It established the Cyber Program Management Office that supports the execution of cyber elements across enterprise programs and services to identify and assist with planning cyber-related priorities, and provides greater situational awareness of initiatives underway within DLA, the military services, other 4th Estate Defense organizations, and industry.
The initiative increased engagement with industry partners by incorporating a cyber clause into applicable contracts, industry partner cyber incident reporting requirements, and engagement with the Defense Industrial Base (DIB) Collaborative Information Sharing Environment (DCISE) and other applicable cyber threat information exchange forums and intelligence.
“This was brought about because we wanted to integrate our industry partners into that space of knowledge and understanding,” said Baker.
He said DLA Information Operations has now turned its attention towards increasing workplace cyber awareness, increasing and refining communications across the agency, as well as DLA’s industrial supplier base. DLA and commercial supplier partnerships are reforming operational readiness exercises that demonstrate and stress tests both DLA’s ability to accept certain levels of degraded services, as well as an industry partner’s ability to employ continuity plans of action and contract language refinement to address enhanced cyber security mandates.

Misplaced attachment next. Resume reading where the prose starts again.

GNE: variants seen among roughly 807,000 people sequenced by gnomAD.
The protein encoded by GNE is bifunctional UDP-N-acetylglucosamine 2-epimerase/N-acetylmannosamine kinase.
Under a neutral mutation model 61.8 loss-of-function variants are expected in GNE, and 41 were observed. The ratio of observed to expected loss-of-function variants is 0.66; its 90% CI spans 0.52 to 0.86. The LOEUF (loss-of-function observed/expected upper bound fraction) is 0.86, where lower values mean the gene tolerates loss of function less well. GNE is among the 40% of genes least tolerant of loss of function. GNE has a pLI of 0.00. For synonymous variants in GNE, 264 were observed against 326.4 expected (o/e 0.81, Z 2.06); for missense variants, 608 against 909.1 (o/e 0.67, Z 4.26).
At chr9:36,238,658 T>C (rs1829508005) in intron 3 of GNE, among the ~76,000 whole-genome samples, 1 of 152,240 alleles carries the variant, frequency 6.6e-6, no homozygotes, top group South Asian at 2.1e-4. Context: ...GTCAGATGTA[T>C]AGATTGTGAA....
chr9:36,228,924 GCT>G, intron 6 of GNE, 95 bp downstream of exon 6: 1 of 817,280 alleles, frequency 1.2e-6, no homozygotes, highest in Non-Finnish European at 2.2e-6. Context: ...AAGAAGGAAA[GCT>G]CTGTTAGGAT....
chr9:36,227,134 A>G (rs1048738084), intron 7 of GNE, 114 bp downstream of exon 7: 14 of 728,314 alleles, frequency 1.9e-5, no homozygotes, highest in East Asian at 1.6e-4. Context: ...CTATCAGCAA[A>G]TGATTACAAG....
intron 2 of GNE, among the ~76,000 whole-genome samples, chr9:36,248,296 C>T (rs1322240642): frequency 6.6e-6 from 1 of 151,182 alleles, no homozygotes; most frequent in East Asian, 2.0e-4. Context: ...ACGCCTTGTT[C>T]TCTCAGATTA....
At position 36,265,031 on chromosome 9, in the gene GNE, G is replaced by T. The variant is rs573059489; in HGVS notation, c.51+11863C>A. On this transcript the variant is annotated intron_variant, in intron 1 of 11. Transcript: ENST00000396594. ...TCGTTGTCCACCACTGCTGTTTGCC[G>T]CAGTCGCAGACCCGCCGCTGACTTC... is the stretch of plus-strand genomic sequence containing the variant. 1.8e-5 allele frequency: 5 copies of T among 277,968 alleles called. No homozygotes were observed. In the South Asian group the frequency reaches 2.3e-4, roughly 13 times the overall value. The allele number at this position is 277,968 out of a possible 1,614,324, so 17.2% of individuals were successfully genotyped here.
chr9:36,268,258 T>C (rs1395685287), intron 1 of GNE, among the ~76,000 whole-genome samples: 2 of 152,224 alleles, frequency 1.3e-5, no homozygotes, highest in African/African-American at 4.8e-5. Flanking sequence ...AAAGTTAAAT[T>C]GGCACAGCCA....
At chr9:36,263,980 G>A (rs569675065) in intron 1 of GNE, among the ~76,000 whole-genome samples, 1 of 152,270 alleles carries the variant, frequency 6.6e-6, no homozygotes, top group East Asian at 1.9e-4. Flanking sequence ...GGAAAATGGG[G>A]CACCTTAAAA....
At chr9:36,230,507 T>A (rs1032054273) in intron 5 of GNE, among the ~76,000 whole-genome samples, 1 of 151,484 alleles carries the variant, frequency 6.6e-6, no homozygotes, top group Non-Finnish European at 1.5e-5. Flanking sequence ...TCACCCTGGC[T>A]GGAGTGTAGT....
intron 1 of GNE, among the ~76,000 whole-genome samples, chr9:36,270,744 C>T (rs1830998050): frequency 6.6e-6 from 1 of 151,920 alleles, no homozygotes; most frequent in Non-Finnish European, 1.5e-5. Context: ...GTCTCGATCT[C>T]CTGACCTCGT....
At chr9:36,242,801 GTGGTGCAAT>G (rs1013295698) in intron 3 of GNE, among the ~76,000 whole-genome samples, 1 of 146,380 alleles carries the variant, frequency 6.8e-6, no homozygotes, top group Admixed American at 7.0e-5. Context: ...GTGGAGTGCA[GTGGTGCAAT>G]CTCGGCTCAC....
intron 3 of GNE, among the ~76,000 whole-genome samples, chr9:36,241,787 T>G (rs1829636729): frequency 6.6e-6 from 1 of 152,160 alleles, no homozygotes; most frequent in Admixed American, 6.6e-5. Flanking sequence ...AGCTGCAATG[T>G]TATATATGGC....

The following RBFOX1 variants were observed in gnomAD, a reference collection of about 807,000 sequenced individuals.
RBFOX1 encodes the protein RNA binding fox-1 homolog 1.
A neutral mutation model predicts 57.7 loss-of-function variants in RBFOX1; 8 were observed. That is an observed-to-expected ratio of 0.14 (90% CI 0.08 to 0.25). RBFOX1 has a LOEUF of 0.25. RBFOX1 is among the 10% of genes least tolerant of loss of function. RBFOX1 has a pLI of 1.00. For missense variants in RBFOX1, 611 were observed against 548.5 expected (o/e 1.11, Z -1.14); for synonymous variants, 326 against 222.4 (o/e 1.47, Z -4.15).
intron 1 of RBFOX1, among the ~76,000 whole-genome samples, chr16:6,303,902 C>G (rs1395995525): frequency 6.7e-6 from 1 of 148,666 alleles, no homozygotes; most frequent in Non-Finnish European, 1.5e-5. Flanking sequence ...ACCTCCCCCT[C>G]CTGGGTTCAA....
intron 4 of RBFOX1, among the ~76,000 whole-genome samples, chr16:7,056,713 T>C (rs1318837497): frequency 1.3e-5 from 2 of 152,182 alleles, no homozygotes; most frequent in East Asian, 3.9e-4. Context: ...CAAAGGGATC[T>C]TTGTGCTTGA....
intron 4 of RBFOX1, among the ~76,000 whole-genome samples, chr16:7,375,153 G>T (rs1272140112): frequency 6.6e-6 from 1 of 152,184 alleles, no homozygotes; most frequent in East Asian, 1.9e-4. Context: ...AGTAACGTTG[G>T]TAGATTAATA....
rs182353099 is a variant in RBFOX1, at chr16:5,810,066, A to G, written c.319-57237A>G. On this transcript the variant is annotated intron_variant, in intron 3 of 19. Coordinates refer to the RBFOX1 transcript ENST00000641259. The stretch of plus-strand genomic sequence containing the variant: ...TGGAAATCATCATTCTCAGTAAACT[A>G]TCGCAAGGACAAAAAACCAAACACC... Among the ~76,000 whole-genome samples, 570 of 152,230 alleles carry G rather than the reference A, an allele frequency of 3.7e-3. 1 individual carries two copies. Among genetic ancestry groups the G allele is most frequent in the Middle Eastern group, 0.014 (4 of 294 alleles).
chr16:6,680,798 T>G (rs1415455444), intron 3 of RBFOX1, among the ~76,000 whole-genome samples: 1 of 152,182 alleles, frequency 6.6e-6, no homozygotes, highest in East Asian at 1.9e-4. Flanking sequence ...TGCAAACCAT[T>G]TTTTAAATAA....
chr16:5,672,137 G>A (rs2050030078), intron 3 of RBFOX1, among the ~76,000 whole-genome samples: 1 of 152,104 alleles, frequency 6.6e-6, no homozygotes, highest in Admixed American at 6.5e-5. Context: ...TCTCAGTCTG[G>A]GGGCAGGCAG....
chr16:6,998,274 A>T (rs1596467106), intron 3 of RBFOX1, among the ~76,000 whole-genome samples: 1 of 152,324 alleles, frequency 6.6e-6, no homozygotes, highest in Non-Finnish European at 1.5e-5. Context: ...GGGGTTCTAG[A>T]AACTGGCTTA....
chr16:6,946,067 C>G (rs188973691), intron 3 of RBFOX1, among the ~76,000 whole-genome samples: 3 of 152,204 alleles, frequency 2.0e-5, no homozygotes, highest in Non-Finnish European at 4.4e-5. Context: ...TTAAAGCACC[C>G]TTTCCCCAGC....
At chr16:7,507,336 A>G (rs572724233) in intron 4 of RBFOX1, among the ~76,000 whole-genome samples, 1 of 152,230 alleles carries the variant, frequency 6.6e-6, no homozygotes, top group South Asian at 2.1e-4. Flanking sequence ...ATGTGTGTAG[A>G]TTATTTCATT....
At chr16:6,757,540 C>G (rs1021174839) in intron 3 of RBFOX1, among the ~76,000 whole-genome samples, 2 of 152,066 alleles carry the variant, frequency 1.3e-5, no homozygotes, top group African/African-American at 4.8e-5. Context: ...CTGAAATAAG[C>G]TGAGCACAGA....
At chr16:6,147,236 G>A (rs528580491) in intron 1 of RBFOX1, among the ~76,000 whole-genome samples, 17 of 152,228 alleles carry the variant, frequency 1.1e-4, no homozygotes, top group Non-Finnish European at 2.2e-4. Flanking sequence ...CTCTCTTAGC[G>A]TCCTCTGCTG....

The SEPRT gave Finegan a chance to socialize a new ratings system being put into place that will evaluate the effectiveness of the partnership between DLA Aviation and its supply base, will recognize outstanding partners and get input from all parties.
He said this new system is coming online because the pure metric-based rankings used in the past give incomplete pictures because the metrics are focused on consumables and in production/out of production effects and subjective factors measured less qualitative aspects of the relationships.
“None of this is going to work, strategically and innovatively, if we are not sharing information back and forth, if we are not working together as good partners,” said Finegan.